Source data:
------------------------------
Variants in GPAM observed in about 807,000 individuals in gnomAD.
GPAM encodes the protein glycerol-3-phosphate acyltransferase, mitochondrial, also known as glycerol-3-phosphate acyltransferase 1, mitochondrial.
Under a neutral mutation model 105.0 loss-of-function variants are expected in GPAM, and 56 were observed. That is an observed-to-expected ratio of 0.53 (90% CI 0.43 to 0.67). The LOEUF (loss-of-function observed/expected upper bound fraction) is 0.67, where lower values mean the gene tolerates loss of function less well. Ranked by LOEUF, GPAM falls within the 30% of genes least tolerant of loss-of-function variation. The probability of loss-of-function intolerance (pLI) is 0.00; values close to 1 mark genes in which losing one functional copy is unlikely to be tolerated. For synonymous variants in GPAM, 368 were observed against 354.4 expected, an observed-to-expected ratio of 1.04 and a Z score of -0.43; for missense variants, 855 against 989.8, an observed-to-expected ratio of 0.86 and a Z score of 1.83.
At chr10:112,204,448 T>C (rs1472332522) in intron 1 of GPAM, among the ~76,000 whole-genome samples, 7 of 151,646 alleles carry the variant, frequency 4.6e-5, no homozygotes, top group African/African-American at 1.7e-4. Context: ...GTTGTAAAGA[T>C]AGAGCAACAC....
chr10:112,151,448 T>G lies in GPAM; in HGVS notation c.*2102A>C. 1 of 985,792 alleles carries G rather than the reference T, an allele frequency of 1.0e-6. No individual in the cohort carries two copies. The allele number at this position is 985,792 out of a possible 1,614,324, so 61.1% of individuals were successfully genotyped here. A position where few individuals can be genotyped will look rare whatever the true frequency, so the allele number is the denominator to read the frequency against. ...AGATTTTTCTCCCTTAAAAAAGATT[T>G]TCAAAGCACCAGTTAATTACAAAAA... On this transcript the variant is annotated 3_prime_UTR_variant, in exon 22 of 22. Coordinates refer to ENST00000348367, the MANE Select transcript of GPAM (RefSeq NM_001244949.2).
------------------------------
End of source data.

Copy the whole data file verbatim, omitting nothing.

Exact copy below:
Variants in GPAM observed in about 807,000 individuals in gnomAD.
GPAM encodes the protein glycerol-3-phosphate acyltransferase, mitochondrial, also known as glycerol-3-phosphate acyltransferase 1, mitochondrial.
Under a neutral mutation model 105.0 loss-of-function variants are expected in GPAM, and 56 were observed. That is an observed-to-expected ratio of 0.53 (90% CI 0.43 to 0.67). The LOEUF (loss-of-function observed/expected upper bound fraction) is 0.67, where lower values mean the gene tolerates loss of function less well. Ranked by LOEUF, GPAM falls within the 30% of genes least tolerant of loss-of-function variation. The probability of loss-of-function intolerance (pLI) is 0.00; values close to 1 mark genes in which losing one functional copy is unlikely to be tolerated. For synonymous variants in GPAM, 368 were observed against 354.4 expected, an observed-to-expected ratio of 1.04 and a Z score of -0.43; for missense variants, 855 against 989.8, an observed-to-expected ratio of 0.86 and a Z score of 1.83.
At chr10:112,204,448 T>C (rs1472332522) in intron 1 of GPAM, among the ~76,000 whole-genome samples, 7 of 151,646 alleles carry the variant, frequency 4.6e-5, no homozygotes, top group African/African-American at 1.7e-4. Context: ...GTTGTAAAGA[T>C]AGAGCAACAC....
chr10:112,151,448 T>G lies in GPAM; in HGVS notation c.*2102A>C. 1 of 985,792 alleles carries G rather than the reference T, an allele frequency of 1.0e-6. No individual in the cohort carries two copies. The allele number at this position is 985,792 out of a possible 1,614,324, so 61.1% of individuals were successfully genotyped here. A position where few individuals can be genotyped will look rare whatever the true frequency, so the allele number is the denominator to read the frequency against. ...AGATTTTTCTCCCTTAAAAAAGATT[T>G]TCAAAGCACCAGTTAATTACAAAAA... On this transcript the variant is annotated 3_prime_UTR_variant, in exon 22 of 22. Coordinates refer to ENST00000348367, the MANE Select transcript of GPAM (RefSeq NM_001244949.2).